How can a deceased owner sign a RoE to participate in the free Maui Wildfire Debris Removal program?

My ʻohana’s home burned down in the Lahaina wildfire. The property is owned by me and my deceased sibling. I want to sign up for the free Maui Wildfire Debris Removal program, but the county needs all owners to sign the Right-of-Entry Permit. What do I do? Do I have to participate in the debris removal program?

By Liʻulā Christensen, NHLC Senior Staff Attorney

The government debris removal program provides owners of homes lost in the Maui wildfires with debris removal paid for by FEMA and any insurance earmarked for debris removal. If there is no insurance, then the program is free. The program includes removal of structural ash, debris, and hazardous trees, and soil testing to ensure the site is clean and safe for rebuilding. The Army Corps of Engineers manages the clean-up, but the owner(s) must sign a Right-of-Entry Permit (“ROE”) before they can start. The County of Maui manages the ROE process.

The county requires that all owners of a property sign the ROE. Where one of the owners has passed, the county requires: (1) a death certificate or obituary, and (2) a court order appointing a personal representative, letters testamentary, or a court probate document.

I previously discussed personal representatives (“PR”) in the August issue of Ka Wai Ola. A PR is appointed by the Probate Court. The PR has the legal authority to manage the deceased person’s property and assets, called their “estate.” Because the PR steps into the shoes of the deceased person for the limited purpose of administering the estate, the PR can sign a ROE for the deceased person.

After appointment, the PR receives a document commonly referred to as “letters” from probate court saying they can manage the estate. Depending on the existence of a will, these letters could be called “letters testamentary” or “letters of administration.” These letters can be given to the county to allow the PR to sign a ROE. ʻOhana that need a PR appointed would benefit from talking to a probate attorney.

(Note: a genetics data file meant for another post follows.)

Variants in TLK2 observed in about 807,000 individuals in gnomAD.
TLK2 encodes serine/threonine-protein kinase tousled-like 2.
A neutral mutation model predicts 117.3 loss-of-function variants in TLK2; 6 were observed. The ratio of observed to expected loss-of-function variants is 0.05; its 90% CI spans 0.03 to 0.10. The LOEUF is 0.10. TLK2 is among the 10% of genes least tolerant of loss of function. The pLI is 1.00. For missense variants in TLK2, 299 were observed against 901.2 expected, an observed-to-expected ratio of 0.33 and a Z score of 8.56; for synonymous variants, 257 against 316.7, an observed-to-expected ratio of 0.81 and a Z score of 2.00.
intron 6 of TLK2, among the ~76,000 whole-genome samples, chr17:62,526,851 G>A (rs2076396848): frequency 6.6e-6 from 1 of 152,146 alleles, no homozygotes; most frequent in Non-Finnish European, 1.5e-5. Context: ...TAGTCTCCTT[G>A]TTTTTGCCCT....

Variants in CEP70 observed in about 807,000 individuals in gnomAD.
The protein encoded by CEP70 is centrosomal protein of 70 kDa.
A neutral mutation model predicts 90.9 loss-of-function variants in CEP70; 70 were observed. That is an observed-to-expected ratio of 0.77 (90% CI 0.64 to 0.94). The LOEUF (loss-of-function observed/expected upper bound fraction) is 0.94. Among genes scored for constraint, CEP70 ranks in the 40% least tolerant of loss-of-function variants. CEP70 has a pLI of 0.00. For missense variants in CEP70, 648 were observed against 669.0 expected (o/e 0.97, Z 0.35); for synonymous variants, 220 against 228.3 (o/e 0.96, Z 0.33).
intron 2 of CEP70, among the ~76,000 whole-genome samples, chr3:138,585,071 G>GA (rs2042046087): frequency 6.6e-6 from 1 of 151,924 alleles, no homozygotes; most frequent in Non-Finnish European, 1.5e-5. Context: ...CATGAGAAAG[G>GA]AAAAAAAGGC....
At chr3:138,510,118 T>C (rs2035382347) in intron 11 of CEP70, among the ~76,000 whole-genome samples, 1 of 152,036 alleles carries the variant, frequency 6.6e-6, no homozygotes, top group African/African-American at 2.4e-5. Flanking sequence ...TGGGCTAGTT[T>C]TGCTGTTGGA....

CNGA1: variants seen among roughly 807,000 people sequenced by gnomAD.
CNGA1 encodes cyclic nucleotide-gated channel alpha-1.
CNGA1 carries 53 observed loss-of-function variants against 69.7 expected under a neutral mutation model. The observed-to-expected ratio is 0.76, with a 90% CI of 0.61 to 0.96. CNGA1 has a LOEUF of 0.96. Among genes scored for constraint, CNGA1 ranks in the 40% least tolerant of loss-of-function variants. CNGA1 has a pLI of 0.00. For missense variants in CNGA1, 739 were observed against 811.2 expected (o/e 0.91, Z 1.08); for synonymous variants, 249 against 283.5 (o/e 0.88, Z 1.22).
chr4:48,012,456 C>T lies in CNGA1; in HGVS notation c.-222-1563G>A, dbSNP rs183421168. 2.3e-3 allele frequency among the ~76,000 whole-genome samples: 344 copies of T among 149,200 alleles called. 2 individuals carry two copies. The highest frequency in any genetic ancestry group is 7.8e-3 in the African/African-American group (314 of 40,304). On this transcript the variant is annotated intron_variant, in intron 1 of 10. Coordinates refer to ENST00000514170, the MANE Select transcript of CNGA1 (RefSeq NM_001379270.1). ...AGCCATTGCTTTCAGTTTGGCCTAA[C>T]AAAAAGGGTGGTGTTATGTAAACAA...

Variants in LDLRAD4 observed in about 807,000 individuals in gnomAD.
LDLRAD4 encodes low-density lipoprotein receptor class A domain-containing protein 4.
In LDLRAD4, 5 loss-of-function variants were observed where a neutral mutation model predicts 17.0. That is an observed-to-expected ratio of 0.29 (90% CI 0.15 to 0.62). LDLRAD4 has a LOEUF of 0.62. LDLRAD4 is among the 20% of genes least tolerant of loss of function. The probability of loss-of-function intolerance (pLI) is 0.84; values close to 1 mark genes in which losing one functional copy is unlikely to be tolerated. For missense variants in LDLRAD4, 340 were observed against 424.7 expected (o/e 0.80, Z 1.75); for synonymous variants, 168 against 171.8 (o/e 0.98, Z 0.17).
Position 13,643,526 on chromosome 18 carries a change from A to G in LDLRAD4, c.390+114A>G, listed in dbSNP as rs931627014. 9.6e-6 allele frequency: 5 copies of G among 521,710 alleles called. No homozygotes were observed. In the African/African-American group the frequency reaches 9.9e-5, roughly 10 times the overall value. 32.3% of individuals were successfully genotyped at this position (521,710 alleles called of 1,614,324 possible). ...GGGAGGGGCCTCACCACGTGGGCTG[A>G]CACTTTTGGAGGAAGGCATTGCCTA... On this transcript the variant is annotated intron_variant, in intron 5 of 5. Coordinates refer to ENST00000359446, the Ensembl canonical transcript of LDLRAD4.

Participation in the government program is not required, but any owners that opt out must hire a private contractor at their own expense. Private debris removal must be approved by the county before any work can begin, and it must meet or exceed government standards.

No new building permits will be issued for a property until clean-up is completed. If not cleaned, the property may be declared a public nuisance and a health hazard. The property owner(s) may be fined and the county may remove fire debris at the owner’s cost. If fines and costs are not paid, the county may record a lien on the property.

ROE applicants may call for assistance at (808) 727-1550. Information is available online at: and

This article was originally published in the March 1, 2024, edition of Ka Wai Ola. NHLC partners with the Office of Hawaiian Affairs to publish an article in Ka Wai Ola each month that responds to community questions. You can access this article on the Ka Wai Ola website here.

Ask NHLC provides general information about the law. Ask NHLC is not legal advice. You can contact NHLC about your legal needs by calling NHLC’s offices at 808-521-2302.

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